Discipline: Biological Sciences
Subcategory: Cancer Research
Courtney Mangum - Tougaloo College
Co-Author(s): Keli Xu and Wen-Cheng Chung, Cancer Institute, University of Mississippi Medical Center, Jackson, MS
Lunatic Fringe (Lfng), a Notch modulator, plays a tumor-suppressive role in the prostate. Loss of Lfng causes expansion of stem-like cells in the prostate basal epithelium and increased cell proliferation, which in turn results in prostatic intraepithelial neoplasia (PIN), abnormal morphological structures of epithelial cells. PIN may turn into an aggressive form of prostate cancer (PCa) via epithelial-mesenchymal transition (EMT). EMT is characterized by an up-regulation of mesenchymal marker, Vimentin and down-regulation of epithelial marker, E-Cadherin. Using Probasin-Cre4, we have genetically engineered mice models (GEMMs) with Lfng deletion in combination with the deletion of tumor suppressive p53 or activation of oncogenic Kras. Prior experiments have shown accelerated PIN development in these models; therefore, we hypothesize that Lfng deletion in combination with p53 deletion or Kras activation will accelerate EMT development in GEMMs. After breeding and genotyping, we isolated and dissected prostate tissue from mice with experimental genotypes Pb-Cre4/Lfng/Kras and Pb-Cre4/Lfng/p53, and control genotypes Pb-Cre4/Lfng and Lfng/p53. The Western blot results showed an intense up-regulation of Vimentin and a modest up-regulation in the E-Cadherin expression in the Pb-Cre4/Lfng/p53 mice model, which may suggest EMT in addition to increased epithelial proliferation. However, in opposition to our hypothesis, the Pb-Cre4/Lfng/Kras mice model resulted in up-regulated E-cadherin and down-regulated Vimentin expressions. This does not suggest EMT in this model. Due to the timeliness of mice breeding and prostate cancer progression, more studies will be needed to test for the mechanisms underlying PCa progression in the Lfng/Notch-regulated GEMMs. These preliminary results may show that different pathways are used during pathogenesis of aggressive forms of PCa.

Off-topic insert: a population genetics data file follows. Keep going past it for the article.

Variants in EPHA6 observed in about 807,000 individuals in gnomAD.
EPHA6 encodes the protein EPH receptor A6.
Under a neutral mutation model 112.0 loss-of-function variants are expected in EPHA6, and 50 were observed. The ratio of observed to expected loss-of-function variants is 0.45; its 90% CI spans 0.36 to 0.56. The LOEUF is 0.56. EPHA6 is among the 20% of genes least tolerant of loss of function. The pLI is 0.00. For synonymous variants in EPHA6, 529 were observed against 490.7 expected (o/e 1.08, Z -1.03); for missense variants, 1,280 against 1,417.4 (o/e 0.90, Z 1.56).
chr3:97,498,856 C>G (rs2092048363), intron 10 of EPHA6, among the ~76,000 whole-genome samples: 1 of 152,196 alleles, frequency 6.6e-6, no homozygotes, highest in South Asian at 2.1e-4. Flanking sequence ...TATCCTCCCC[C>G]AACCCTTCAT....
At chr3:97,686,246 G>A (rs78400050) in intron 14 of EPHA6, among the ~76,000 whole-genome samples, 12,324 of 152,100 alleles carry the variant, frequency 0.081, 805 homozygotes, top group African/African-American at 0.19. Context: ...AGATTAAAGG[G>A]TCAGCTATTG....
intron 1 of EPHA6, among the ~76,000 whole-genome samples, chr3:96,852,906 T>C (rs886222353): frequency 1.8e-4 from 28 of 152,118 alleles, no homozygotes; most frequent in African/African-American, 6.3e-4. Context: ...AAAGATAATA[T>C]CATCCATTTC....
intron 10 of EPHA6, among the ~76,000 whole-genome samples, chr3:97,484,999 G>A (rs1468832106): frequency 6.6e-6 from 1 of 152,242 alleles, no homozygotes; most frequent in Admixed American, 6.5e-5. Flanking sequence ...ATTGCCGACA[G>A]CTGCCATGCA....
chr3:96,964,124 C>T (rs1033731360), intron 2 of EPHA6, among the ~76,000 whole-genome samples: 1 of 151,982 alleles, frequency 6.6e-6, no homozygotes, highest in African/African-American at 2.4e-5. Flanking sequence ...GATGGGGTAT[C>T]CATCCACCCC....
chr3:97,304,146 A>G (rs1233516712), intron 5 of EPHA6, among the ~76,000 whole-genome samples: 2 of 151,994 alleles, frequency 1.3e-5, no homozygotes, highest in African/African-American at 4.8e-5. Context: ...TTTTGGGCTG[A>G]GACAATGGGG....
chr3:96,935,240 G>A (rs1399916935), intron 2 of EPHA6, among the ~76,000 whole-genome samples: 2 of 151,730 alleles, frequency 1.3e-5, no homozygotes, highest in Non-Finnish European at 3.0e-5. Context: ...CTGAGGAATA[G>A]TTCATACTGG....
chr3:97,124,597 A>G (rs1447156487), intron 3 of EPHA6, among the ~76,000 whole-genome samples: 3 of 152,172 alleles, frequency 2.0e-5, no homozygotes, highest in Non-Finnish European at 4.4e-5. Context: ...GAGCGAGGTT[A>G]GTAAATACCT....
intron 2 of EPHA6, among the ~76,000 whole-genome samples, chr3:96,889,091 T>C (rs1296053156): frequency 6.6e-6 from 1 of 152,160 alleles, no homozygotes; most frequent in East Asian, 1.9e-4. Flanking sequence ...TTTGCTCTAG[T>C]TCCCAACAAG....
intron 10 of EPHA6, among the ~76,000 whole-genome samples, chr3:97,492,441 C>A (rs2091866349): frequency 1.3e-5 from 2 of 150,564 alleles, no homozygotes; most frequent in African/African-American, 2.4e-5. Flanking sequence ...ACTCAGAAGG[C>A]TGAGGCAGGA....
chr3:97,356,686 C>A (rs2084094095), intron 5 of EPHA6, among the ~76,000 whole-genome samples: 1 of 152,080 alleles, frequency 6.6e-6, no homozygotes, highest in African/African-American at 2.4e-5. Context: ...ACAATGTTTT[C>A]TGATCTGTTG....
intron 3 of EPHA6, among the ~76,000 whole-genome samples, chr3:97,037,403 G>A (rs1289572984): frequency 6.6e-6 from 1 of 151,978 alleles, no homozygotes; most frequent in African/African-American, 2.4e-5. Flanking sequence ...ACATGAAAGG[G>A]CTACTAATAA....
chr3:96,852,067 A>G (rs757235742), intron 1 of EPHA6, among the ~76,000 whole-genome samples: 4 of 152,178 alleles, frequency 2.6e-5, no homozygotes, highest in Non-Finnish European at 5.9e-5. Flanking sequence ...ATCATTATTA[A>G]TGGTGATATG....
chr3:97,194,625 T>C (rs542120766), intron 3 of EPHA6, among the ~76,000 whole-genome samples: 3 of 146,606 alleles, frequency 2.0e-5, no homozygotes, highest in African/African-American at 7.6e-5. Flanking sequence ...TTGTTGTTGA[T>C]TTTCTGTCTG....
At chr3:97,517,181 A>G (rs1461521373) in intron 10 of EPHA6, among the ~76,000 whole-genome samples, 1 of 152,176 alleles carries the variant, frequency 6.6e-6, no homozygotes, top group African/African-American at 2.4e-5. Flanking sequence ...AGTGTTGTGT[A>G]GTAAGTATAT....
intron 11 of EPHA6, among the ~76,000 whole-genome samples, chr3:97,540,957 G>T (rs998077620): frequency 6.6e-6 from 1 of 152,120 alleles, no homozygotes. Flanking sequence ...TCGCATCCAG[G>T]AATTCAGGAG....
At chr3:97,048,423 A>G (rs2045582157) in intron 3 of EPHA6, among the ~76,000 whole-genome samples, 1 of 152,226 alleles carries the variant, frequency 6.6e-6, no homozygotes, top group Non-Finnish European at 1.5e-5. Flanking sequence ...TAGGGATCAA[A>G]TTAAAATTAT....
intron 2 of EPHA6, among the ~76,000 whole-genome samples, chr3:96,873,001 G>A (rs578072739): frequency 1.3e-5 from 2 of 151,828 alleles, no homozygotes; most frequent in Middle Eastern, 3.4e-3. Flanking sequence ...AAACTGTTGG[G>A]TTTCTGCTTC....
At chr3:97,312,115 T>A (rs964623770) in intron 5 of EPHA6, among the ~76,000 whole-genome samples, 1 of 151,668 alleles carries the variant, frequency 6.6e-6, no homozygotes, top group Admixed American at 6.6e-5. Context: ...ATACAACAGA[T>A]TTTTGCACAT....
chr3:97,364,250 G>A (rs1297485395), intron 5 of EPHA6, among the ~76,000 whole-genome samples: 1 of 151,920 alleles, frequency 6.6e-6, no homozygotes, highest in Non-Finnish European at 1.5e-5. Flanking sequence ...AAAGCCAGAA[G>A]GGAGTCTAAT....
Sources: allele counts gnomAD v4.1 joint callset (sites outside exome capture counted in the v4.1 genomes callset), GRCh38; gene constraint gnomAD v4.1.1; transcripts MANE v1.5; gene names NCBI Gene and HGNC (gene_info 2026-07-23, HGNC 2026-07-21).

Funder Acknowledgement(s): Start-up funds from the UMMC Cancer Institute, The University of Mississippi Medical Center, HBCU Summer Research Training Program and the Gomez lab. Financial Support: PC131783 (HBCU-UMMC PCRP).
Faculty Advisor: Keli Xu, email@example.com
Role: Animal dissection, breeding, and western blotting